Forest loss maps from regional satellite monitoring systematically underestimate deforestation in two rapidly changing parts of the Amazon

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Abstract

Accurate, consistent reporting of changing forest area, stratified by forest type, is required for all countries under their commitments to the Paris Agreement (UNFCCC 2015). Such change reporting may directly impact on payments through comparisons to national Reference (Emissions) Levels under the Reducing Emissions from Deforestation and forest Degradation (REDD+) framework. The emergence of global, satellite-based forest monitoring systems, including Global Forest Watch (GFW) and FORMA, have great potential in aiding this endeavour. However, the accuracy of these systems has been questioned and their uncertainties are poorly constrained, both in terms of the spatial extent of forest loss and timing of change. Here, using annual time series of 5-m optical imagery at two sites in the Brazilian Amazon, we demonstrate that GFW more accurately detects forest loss than the coarser-resolution FORMA or Brazil's national-level PRODES product, though all underestimate the rate of loss. We conclude GFW provides robust indicators of forest loss, at least for larger-scale forest change, but under-predicts losses driven by small-scale disturbances (< 2 ha), even though these are much larger than its minimum mapping unit (0.09 ha).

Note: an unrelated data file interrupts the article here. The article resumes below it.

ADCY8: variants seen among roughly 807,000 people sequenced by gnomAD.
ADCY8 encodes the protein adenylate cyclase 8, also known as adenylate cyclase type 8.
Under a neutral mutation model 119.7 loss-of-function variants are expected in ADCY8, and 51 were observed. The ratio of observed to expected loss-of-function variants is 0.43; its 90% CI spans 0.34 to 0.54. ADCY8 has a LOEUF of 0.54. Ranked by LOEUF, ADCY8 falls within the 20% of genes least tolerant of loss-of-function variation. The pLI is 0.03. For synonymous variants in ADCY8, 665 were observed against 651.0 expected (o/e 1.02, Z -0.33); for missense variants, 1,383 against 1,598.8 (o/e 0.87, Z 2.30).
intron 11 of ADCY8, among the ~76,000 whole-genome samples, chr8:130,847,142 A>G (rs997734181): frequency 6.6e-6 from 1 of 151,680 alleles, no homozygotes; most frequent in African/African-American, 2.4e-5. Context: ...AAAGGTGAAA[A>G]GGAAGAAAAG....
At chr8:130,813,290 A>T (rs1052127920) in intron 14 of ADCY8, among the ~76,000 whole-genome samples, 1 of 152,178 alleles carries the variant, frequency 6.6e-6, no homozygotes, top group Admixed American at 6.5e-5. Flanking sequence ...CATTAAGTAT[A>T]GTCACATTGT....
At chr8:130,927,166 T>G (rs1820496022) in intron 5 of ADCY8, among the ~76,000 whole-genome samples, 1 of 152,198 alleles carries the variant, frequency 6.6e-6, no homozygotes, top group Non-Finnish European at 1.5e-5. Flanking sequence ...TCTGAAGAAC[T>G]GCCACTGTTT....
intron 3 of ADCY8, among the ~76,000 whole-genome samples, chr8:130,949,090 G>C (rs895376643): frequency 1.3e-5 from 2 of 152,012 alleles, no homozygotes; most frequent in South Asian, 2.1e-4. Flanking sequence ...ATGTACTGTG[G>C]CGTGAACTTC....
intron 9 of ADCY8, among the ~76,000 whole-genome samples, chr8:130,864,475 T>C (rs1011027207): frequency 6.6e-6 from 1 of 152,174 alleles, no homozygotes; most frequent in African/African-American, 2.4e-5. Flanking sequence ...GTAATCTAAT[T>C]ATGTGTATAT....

Original languageEnglish
JournalEnvironmental Research Letters
Early online date6 Jul 2017
DOIs
Publication statusPublished - 22 Aug 2017

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